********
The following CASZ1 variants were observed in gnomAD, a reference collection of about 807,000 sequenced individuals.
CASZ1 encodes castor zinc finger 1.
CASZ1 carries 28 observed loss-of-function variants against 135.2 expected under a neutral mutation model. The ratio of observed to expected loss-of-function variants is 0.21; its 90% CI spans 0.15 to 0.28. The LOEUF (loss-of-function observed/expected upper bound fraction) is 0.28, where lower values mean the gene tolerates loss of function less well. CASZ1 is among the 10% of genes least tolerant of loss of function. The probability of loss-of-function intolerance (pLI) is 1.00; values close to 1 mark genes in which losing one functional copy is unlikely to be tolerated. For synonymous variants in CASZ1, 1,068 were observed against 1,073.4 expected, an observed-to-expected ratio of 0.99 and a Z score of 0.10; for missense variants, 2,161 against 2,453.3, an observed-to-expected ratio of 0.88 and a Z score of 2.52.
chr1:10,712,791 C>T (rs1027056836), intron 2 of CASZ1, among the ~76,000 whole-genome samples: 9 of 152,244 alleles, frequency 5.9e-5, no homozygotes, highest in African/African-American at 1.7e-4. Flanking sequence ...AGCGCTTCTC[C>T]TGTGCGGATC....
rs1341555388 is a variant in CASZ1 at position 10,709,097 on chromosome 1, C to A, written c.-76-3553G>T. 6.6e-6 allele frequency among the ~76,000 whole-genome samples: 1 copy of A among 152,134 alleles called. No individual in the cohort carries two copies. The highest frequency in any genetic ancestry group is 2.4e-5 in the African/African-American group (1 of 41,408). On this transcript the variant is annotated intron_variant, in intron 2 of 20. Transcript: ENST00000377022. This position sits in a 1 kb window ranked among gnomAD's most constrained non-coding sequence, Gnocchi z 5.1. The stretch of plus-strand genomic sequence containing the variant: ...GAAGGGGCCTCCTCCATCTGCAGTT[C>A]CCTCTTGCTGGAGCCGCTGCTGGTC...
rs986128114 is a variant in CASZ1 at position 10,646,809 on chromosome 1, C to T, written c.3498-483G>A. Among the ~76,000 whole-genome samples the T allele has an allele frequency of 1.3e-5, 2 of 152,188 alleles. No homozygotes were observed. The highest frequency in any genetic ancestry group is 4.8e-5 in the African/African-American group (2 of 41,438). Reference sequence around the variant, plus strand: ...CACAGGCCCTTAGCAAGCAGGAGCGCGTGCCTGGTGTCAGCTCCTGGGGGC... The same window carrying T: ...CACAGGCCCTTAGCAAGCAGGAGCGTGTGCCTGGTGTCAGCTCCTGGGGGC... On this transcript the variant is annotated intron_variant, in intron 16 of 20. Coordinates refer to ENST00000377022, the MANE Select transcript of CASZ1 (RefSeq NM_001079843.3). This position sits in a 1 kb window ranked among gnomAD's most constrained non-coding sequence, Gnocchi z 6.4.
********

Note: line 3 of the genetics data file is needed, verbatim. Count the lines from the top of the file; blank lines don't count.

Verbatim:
CASZ1 carries 28 observed loss-of-function variants against 135.2 expected under a neutral mutation model. The ratio of observed to expected loss-of-function variants is 0.21; its 90% CI spans 0.15 to 0.28. The LOEUF (loss-of-function observed/expected upper bound fraction) is 0.28, where lower values mean the gene tolerates loss of function less well. CASZ1 is among the 10% of genes least tolerant of loss of function. The probability of loss-of-function intolerance (pLI) is 1.00; values close to 1 mark genes in which losing one functional copy is unlikely to be tolerated. For synonymous variants in CASZ1, 1,068 were observed against 1,073.4 expected, an observed-to-expected ratio of 0.99 and a Z score of 0.10; for missense variants, 2,161 against 2,453.3, an observed-to-expected ratio of 0.88 and a Z score of 2.52.